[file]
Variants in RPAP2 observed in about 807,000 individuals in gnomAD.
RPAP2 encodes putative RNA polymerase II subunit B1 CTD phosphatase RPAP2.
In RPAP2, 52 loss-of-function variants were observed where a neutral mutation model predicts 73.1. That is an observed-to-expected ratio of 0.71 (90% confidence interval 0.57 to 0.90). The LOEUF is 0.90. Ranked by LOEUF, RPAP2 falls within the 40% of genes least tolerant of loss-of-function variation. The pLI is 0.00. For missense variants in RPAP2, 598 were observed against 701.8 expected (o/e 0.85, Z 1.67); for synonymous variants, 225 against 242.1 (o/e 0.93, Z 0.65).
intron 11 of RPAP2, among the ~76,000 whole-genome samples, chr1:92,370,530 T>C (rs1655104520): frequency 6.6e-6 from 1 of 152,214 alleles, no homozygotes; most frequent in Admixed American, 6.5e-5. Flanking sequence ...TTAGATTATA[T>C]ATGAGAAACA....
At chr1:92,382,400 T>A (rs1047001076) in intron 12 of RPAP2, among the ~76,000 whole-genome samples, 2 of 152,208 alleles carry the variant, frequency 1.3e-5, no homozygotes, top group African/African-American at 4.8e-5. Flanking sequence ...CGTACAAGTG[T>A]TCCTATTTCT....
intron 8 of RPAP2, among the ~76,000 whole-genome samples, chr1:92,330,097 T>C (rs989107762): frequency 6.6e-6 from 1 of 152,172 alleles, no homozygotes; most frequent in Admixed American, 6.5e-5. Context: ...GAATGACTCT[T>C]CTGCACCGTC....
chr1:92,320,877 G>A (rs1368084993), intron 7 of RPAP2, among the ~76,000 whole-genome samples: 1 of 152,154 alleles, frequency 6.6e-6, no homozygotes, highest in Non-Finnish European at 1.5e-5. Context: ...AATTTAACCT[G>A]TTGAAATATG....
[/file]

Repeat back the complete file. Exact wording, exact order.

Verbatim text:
Variants in RPAP2 observed in about 807,000 individuals in gnomAD.
RPAP2 encodes putative RNA polymerase II subunit B1 CTD phosphatase RPAP2.
In RPAP2, 52 loss-of-function variants were observed where a neutral mutation model predicts 73.1. That is an observed-to-expected ratio of 0.71 (90% confidence interval 0.57 to 0.90). The LOEUF is 0.90. Ranked by LOEUF, RPAP2 falls within the 40% of genes least tolerant of loss-of-function variation. The pLI is 0.00. For missense variants in RPAP2, 598 were observed against 701.8 expected (o/e 0.85, Z 1.67); for synonymous variants, 225 against 242.1 (o/e 0.93, Z 0.65).
intron 11 of RPAP2, among the ~76,000 whole-genome samples, chr1:92,370,530 T>C (rs1655104520): frequency 6.6e-6 from 1 of 152,214 alleles, no homozygotes; most frequent in Admixed American, 6.5e-5. Flanking sequence ...TTAGATTATA[T>C]ATGAGAAACA....
At chr1:92,382,400 T>A (rs1047001076) in intron 12 of RPAP2, among the ~76,000 whole-genome samples, 2 of 152,208 alleles carry the variant, frequency 1.3e-5, no homozygotes, top group African/African-American at 4.8e-5. Flanking sequence ...CGTACAAGTG[T>A]TCCTATTTCT....
intron 8 of RPAP2, among the ~76,000 whole-genome samples, chr1:92,330,097 T>C (rs989107762): frequency 6.6e-6 from 1 of 152,172 alleles, no homozygotes; most frequent in Admixed American, 6.5e-5. Context: ...GAATGACTCT[T>C]CTGCACCGTC....
chr1:92,320,877 G>A (rs1368084993), intron 7 of RPAP2, among the ~76,000 whole-genome samples: 1 of 152,154 alleles, frequency 6.6e-6, no homozygotes, highest in Non-Finnish European at 1.5e-5. Context: ...AATTTAACCT[G>A]TTGAAATATG....